We start with quite a tension point in the story (then again, it is always tense nowadays). Rocky’s been abducted and the gang is at a loss for words or motivation, all except Thomas, that is. At this point, all they want is to get Rocky back, even if it means abandoning the search for truth. I can appreciate how Thomas is now a foil not only to those hiding secrets but also to his cousins. Without him, there is no story as far as I’m concerned. However, there were some moments where even I thought he could’ve been a bit more tactful around others’ emotions.

We also see that at least for the time being, Rocky is safe. His POV is so well done I wanted to pull him out of the page and give him a big cuddle. Unfortunately, it looks like he’s yet another collateral damage of the family’s mess. 


Speaking of mess, Cassandra and Francis reach a fascinating opposing point. She’s concerned Francis is showing no remorse over killing George Turner, or over killing an innocent dog. Could Albert please ask around if there is a special circle of hell for people like him? It’s interesting how Cassandra, no matter how messed up she is, still has some sense of right or wrong. As for Francis, someone needs to take that gun off him ASAP as he’s all too happy using it.

As we all predicted, the Nicole-David-Fred love triangle finally blew up, and boy, how did it. Erica goes full-on scorned woman and drugs Nicole. She then parades her in the middle of Monastery for everyone to see in a wedding dress. Threatening to pour acid on her face is just an added touch to the terror.

Although this turns out to be just a mind game on Erica’s part, we get some insightful character revelations. Nicole’s reasoning for toying with the two guys becomes more understandable, although I still cannot excuse it (and I’m speaking as someone who actually likes Elena Gilbert). I think she could use some therapy to sort out the trauma inflicted by her dad’s affair. At this stage of her life, she shouldn’t end up with either guy. David is also at fault and I think he should work on making it up to Fred. If he and Nicole sail off into the sunset now, it would leave a bad taste in a lot of reader’s mouths. Then again, if Fred does decide to take her back, it would be his choice. Something tells me this ordeal is far from over.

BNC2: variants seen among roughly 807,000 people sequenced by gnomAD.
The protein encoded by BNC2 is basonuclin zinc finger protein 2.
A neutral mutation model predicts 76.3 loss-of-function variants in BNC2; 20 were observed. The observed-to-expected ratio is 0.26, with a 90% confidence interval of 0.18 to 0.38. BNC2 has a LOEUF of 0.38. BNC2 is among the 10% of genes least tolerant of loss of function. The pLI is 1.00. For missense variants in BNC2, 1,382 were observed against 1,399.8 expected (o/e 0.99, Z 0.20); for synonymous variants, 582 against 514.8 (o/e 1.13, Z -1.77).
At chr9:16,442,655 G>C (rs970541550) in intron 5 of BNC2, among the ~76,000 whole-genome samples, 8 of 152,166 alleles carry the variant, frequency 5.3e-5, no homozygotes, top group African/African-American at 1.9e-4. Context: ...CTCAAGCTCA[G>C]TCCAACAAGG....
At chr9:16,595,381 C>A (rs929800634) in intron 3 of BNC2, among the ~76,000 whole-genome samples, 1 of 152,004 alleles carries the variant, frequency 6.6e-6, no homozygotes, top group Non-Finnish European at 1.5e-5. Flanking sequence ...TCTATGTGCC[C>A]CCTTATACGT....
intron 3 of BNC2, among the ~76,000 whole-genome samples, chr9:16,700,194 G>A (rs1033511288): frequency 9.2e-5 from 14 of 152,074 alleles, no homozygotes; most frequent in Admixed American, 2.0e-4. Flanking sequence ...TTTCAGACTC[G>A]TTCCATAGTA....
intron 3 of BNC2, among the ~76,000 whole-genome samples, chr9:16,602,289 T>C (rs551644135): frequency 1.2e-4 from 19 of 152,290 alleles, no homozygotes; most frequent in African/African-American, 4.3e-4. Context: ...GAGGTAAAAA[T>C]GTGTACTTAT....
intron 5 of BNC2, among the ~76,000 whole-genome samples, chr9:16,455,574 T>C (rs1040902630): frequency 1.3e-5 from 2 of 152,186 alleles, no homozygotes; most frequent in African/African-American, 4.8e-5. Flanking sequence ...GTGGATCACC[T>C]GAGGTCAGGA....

We end series seven of Monastery with Thomas receiving yet another blow when his dad betrays him and destroys all the progress of their investigation. So much for trusting family, or authorities for that matter. What is going to happen now?


Overall thoughts

I said a lot of my thoughts while discussing the plot of the episode. As usual, Monastery is full of of drama, mystery, and outright terrifying things to keep us on our toes. The one plot thread I am holding in my hand just waiting to see where it leads me is Madam Witch. Her very fairytale-like deal with Cassandra implies she owes her one of the grandkids. Not to mention the implication that Henry has some kind of special powers. I can’t wait to see how that ties into what happened to Albert. The next part can’t come out soon enough!  5 out of 5 stars (5 / 5)